“The most impressive” of Gordon’s bikes was a Suzuki Katana 1100 for which he paid around £3,000 - again a considerable fee at the time - 1982.
“It was in its day a league above anything available.”
He later moved to Germany with the RAF - a two-year posting where he took the Suzuki with him and stored it in his cloakroom! While there, he had a further two bikes.
After returning to the UK, Gordon took up touring as a hobby both at home and overseas.
He rose to the position of group captain in strike command at RAF High Wycombe before taking early retirement from the air force in 1995.
Gordon has worked in Alnwick’s famous second hand book store the last 20 years. He has also been a councillor for 18 years, 12 as a county councillor.
Gordon, who had a brief foray into the world of vintage bikes, passed a test to become a member of the Institute of Advanced Motorists 10 years ago, for both motorbikes and cars.
Both his sons - Gordon and Christopher - ride, with the former a Scottish champion.
Over the years, Gordon has clocked up an average of 10,000 miles a year, completing more than half a million miles on two wheels.
“Without ever - until this last sad incident - hurting myself,” he said. “Not a scratch, quite remarkable really. I realise I must have had a guardian angel.”
What may prove to be Gordon’s last bike - the one he was riding in August’s accident - was a Kawasaki 1400, which he had bought barely four months earlier for in excess of £14,000.
The crash which looks set to end his biking days saw Gordon fracture his neck and spine and suffer a head injury.
He is still receiving treatment.
Gordon insists the accident was not as a result of his advancing years.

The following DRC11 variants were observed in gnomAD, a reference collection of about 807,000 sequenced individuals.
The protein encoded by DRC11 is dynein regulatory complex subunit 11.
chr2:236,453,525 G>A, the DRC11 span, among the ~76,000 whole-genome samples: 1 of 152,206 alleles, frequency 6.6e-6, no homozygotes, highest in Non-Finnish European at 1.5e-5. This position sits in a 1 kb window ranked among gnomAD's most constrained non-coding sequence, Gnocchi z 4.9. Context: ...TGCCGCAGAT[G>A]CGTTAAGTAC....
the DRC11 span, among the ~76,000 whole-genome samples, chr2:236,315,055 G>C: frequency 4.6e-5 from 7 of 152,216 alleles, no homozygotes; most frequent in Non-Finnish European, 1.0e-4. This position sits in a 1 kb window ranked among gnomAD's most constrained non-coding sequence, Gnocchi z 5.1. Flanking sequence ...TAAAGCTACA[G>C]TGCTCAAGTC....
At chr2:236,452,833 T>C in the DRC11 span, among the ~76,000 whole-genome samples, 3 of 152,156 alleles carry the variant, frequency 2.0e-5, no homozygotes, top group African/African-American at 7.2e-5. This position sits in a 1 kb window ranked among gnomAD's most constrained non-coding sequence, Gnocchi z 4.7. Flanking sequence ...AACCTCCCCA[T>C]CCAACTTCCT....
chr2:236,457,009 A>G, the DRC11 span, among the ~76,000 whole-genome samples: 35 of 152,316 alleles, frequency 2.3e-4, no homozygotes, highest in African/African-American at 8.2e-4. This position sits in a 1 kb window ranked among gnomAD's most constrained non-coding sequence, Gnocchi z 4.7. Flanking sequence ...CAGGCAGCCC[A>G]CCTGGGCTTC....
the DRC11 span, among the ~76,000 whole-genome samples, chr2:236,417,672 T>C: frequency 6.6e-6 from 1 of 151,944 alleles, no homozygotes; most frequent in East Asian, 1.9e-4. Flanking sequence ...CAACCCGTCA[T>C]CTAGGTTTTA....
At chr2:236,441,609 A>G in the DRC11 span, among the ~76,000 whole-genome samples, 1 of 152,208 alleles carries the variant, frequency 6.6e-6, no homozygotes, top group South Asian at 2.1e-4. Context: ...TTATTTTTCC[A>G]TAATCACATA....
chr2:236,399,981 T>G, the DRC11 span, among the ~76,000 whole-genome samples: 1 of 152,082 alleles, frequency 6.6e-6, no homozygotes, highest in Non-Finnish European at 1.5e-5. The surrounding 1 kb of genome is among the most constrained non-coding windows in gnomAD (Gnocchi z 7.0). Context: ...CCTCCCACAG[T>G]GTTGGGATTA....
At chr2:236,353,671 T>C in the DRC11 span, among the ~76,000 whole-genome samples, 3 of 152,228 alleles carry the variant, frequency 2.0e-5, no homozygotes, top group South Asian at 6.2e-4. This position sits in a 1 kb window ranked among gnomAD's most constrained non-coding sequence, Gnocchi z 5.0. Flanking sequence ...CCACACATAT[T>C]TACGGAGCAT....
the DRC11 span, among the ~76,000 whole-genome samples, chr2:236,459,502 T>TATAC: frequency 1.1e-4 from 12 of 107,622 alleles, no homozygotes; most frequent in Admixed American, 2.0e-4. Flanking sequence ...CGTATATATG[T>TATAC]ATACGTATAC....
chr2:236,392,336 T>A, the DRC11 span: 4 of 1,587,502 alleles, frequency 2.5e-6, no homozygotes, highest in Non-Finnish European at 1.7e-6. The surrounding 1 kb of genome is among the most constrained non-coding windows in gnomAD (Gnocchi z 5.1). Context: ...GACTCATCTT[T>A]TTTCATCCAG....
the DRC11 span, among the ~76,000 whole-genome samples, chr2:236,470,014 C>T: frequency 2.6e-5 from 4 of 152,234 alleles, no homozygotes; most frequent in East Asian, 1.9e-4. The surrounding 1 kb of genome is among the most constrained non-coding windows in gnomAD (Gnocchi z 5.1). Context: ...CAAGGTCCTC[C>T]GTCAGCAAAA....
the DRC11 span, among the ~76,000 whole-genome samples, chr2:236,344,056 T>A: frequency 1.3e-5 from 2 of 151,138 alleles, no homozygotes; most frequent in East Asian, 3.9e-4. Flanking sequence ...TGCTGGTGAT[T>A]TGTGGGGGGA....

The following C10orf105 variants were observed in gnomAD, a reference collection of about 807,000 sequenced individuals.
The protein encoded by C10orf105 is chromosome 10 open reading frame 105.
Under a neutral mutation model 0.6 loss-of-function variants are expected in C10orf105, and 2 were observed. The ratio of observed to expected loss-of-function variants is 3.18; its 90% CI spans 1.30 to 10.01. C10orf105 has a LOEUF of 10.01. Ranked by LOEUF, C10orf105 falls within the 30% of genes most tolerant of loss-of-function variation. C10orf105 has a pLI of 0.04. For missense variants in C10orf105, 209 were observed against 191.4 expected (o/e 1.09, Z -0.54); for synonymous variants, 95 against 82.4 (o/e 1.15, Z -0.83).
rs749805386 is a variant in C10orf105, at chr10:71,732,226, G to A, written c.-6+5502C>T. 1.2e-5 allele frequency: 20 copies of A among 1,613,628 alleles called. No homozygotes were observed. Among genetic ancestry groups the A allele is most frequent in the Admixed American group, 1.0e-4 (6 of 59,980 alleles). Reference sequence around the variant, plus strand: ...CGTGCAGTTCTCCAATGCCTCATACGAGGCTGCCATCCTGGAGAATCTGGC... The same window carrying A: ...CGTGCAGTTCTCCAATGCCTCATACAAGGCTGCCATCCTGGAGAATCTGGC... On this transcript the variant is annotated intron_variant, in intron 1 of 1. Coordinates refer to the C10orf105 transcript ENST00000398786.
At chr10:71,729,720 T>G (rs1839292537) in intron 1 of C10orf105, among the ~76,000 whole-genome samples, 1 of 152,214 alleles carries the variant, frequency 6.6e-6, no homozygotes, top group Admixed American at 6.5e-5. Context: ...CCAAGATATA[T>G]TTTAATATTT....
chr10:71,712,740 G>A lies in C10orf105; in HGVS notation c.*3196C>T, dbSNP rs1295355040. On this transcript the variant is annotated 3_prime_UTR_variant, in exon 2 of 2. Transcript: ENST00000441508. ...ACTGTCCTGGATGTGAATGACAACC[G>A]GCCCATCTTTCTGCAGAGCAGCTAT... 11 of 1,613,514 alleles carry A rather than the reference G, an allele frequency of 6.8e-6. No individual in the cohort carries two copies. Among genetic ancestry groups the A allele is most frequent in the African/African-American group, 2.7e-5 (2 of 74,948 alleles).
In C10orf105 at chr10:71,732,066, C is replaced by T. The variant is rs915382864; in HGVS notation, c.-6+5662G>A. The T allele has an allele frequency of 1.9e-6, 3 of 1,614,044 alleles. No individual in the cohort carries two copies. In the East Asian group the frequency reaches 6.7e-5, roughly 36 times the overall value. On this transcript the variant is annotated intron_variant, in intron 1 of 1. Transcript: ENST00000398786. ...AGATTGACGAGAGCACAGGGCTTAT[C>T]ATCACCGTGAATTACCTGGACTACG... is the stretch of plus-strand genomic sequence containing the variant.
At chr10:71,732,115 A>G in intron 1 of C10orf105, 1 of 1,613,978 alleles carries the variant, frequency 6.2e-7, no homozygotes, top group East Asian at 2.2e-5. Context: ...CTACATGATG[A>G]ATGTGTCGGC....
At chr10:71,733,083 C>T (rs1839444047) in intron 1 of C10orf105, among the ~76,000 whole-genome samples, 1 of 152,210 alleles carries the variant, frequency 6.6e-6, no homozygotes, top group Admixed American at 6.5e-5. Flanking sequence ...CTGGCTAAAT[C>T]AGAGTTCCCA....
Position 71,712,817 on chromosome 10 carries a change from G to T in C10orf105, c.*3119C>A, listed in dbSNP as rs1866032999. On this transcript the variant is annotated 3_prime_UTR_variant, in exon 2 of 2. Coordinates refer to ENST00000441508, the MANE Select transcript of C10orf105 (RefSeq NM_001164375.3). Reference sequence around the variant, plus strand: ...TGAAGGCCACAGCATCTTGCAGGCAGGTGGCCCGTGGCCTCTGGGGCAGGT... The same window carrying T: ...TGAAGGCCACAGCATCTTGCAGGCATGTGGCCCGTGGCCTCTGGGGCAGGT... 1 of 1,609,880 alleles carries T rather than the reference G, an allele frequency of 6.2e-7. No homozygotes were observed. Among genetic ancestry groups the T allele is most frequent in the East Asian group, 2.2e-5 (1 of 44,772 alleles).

“People say your reactions must have slowed down,” He said. “It is the right reactions. If you have got experience you do the right things almost immediately. If you have to do something quickly you do it.”
Yet he admits his body is not recovering as quickly from the accident as it once would. “At my age you do not fix as you would have done when you started.”
Gordon has been bowled over by the level of support he has received since his accident.
He said: “People have been immensely good to me. There is no such thing as a thing without a good effect. It has been quite a humbling experience for me. To have so many people asking for me is very humbling.”
On the back of the experience, the veteran rider issued the following advice to fellow bikers.
“Buy the best protective equipment gear you can afford to buy. Wear it even when you think you do not need it.”
Gordon does have another bike in his garage, a Moto Guzzi, which he plans to use to assess whether he will be able to ride again.
“I am pleased to say I am still a motorbike enthusiast even though it will still be a while before I can get back on one. I will certainly get back on to see how I feel.
“I will have to be certain that all is well. I will have to be certain I am of the standard I was at before the accident. My standards are high.
“If I am not for any reason, I will say 50 years was enough.”